There are many literary devices in Maya Angelou's poem "Still I Rise." First, she uses many similes to compare two unrelated things using "like" or "as." For example, in the first stanza, she says she'll rise just like the dust. She also compares herself to suns and moons, and the "certainty of tides" in the third stanza. She uses similes to compare how she will rise just as surely as the sun and moon rise. In the fourth stanza, she compares her shoulders to teardrops, saying:
"Did you want to see me broken?
Bowed head and lowered eyes?
Shoulders falling down like teardrops,
Weakened by my soulful cries?"
Another literary device Angelou uses is repetition. She repeats the phrase "I rise" many times throughout the poem. This is a literary device poets often use to emphasize a concept or idea.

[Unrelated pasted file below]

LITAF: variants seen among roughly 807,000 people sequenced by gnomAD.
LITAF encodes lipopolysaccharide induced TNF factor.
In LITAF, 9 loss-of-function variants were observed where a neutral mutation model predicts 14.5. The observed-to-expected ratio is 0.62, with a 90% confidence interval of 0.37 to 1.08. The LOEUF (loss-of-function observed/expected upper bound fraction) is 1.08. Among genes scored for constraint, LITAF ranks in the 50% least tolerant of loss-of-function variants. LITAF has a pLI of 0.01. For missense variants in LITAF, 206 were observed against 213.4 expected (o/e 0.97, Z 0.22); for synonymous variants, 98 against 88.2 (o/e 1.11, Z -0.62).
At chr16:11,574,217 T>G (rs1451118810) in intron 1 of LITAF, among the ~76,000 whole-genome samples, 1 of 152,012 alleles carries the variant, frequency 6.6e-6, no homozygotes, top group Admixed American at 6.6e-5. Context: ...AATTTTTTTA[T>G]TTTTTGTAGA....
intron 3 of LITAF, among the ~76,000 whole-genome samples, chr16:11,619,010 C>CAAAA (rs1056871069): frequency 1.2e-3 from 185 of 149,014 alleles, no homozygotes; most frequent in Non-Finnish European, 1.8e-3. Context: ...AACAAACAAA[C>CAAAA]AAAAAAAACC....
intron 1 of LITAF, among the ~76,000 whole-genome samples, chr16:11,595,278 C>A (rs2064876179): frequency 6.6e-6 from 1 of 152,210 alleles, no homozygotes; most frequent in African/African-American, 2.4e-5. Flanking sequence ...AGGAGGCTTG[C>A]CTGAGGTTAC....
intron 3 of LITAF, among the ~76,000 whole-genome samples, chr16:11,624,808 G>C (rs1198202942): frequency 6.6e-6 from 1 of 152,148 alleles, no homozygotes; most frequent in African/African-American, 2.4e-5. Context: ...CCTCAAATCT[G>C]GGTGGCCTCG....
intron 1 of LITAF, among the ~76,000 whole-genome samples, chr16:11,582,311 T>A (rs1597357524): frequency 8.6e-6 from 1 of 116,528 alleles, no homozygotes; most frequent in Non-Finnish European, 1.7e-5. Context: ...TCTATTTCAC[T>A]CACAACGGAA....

Angelou also employs the use of metaphor
in her poem. "I am a black ocean, leaping and wide. Welling and swelling, I bear in the tide."
In the sixth stanza, Angelou uses hyperbole
as well as metaphor. It can be argued that the figurative language used in this stanza is metaphorical because she is comparing words to weapons with the capability to kill or wound. It is my opinion that it is hyperbole, as well, because this statement exaggerates the effect that words will have on her:
"You may shoot me with your words,
You may cut me with your eyes,
You may kill me with your hatefulness,
But still, like air, I’ll rise."